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Book Excerpt: Tibet, a paradise lost

The planet’s Third Pole was a mighty empire once; but its status in international relations is disputed today. How and why did this happen?

 
By Dilip Sinha
Published: Saturday 01 June 2024

His Holiness, the 14th Dalai Lama of Tibet, Tenzin Gyatso. Photo: iStock

Tibet has fascinated the world for centuries due to its forbidding terrain and mystical remoteness. This towering highland to the north has traditionally served as India’s longest land frontier. Although Tibet was once an imperial power, the arrival of Buddhism ushered in a reclusive pacificism. The proliferation of monasteries made it vulnerable to foreign intervention, as the lamas were willing to seek outside assistance to settle internal disputes. The Mongols invaded Tibet in the thirteenth century, and the Manchus arrived in the eighteenth century. Both groups conquered China and ruled Tibet from Beijing. By the mid-nineteenth century, when our story begins, Manchu China had nominal control over Tibet.

Tibet’s status in international relations remains disputed. The critical question is whether it’s a separate country or a part of China. Most countries, including India, consider it an autonomous region of China. But autonomy does not imply independence. An autonomous region cannot claim to be a state under international law, nor does it count as a colony under foreign occupation.

In spite of these flexibilities, exceptions and divergent interpretations, the standards applied to Tibet’s claim to statehood have remained extremely stringent. Tibet is considered to have been under Chinese ‘suzerainty’ for an indeterminate period and thus lacking the necessary attributes of statehood. But the term suzerainty itself is not recognized in modern international law. It was popular in the nineteenth century, describing the emperors’ authority over their tributary states. The Ottomans, for example, were said to have suzerainty over the Balkan countries of Europe. India made anti-colonialism the central pillar of its foreign policy, standing up for the rights of countries against colonial powers. Yet, it did not deem China’s occupation of Tibet to be an act of colonization, instead toeing the British line.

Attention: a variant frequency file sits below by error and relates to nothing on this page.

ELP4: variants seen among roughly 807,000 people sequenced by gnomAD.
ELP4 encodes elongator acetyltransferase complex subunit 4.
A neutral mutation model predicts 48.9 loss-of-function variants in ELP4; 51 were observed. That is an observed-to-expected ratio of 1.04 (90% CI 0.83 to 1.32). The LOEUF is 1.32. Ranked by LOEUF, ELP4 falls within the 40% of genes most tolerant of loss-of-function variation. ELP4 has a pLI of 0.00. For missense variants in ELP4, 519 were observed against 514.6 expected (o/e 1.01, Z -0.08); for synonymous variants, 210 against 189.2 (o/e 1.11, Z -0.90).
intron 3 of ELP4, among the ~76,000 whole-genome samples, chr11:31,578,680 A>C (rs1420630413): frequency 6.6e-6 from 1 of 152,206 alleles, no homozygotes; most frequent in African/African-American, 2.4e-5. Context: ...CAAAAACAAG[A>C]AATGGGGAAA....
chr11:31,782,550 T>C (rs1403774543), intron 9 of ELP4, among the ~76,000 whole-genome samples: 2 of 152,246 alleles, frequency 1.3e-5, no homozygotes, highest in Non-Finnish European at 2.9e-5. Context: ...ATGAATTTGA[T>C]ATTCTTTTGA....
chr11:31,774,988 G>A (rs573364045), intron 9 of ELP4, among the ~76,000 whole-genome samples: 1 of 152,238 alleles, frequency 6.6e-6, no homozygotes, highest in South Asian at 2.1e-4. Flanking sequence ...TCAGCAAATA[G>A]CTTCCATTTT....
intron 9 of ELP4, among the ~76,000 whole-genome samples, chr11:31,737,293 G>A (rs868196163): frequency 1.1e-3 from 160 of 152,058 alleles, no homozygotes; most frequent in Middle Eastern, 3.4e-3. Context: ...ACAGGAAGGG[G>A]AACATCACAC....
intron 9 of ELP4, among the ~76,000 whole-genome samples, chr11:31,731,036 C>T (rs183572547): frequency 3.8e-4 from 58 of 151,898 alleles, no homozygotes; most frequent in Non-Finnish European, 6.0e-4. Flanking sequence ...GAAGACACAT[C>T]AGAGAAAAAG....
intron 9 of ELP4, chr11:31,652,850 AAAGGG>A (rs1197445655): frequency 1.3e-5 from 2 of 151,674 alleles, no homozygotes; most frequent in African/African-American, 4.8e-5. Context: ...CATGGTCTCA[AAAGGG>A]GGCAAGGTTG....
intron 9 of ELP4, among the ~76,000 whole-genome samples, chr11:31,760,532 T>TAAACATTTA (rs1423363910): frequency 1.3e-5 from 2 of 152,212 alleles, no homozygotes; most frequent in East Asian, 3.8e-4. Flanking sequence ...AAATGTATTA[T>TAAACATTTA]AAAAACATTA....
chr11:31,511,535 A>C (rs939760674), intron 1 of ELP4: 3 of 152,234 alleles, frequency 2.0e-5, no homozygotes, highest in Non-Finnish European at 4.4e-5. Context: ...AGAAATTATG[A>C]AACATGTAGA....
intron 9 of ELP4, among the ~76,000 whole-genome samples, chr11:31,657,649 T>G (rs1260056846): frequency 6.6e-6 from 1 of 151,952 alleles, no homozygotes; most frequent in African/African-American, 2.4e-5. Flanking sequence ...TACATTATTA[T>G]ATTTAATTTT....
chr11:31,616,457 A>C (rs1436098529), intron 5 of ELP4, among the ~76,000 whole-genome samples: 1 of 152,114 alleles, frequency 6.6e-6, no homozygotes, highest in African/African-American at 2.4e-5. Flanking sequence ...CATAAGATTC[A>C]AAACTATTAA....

The lamas, being monks, described their relationship with the Mongols and the Manchus in ecclesiastical terms — as a priest–patron connection. But such abstruse relationships receive no recognition in international politics. To assert its right to statehood, a state has to claim sovereignty and enter into diplomatic relations with other countries. As a result, theocratic Tibet was inconsistent in demanding recognition of its sovereignty and often unsure of its legitimacy.

Britain firmed up its Tibet policy early in the twentieth century, during the dying years of Manchu rule. Despite its best efforts, Britain could not persuade China to maintain control over this distant country. It juggled strategies to achieve a complex set of goals, including preventing the disintegration of the Manchu empire, blocking the southward march of Russia and opening up trade within the reclusive Tibet. Finally, it settled on the imperial construct of ‘suzerainty’ to define Tibet’s relationship with China, while conducting dealings directly with it.

After India gained independence, it faced an irredentist China that was no longer content with stationing a ceremonial representative in Lhasa. The Tibetan government was supplanted by Han Chinese functionaries of the Communist Party serving as administrators. China also laid claim to extensive Indian territory bordering Tibet, which was inhabited by Buddhist people who revered the Dalai Lama. This contrasted its own policy of annexing large parts of Tibet and denying the Dalai Lama traditional monastic privileges in China.

Although independent India retained the British policy, while Britain had extracted several trading rights in Tibet and enforced them using its army, India’s military weakness and lack of political will soon resulted in the loss of those rights. The newly independent nation also inherited borders that were vaguely demarcated or agreed upon by the three imperial powers. With Britain no longer interested in the region and Russia offering unstinting support to its fellow communist nation, India faced a formidable challenge. Communist China condemned Western imperialism but claimed the Manchu mantle and aggressively pursued shadowy claims over neighbouring countries under the guise of liberating their oppressed people.

In his seminal history of humankind, Yuval Noah Harari offers a perceptive insight into China: ‘The ultimate achievement of the Chinese empire is that it is still alive and kicking, yet it is hard to see it as an empire except in outlying areas such as Tibet and Xinjiang.’ Harari only includes Tibet and Xinjiang as colonies of the Chinese empire, leaving out autonomous regions like Inner Mongolia and Yunnan. This omission is likely because the immigration of the Han Chinese has changed the demographics of Inner Mongolia, Yunnan and the three provinces of the erstwhile Manchuria. The same fate awaits Tibet and Xinjiang.

This book investigates the root causes of the international community’s apathy towards Tibet and its refusal to respond to the latter’s pleas against China’s occupation. Importantly, it delves into the games played in Central Asia by the three imperial powers — Britain, China and Russia — that have fundamentally shaped the postulates of Tibet’s international status.

Excerpted with permission from Imperial Games in Tibet by Dilip Sinha @2024Pan Macmillan India

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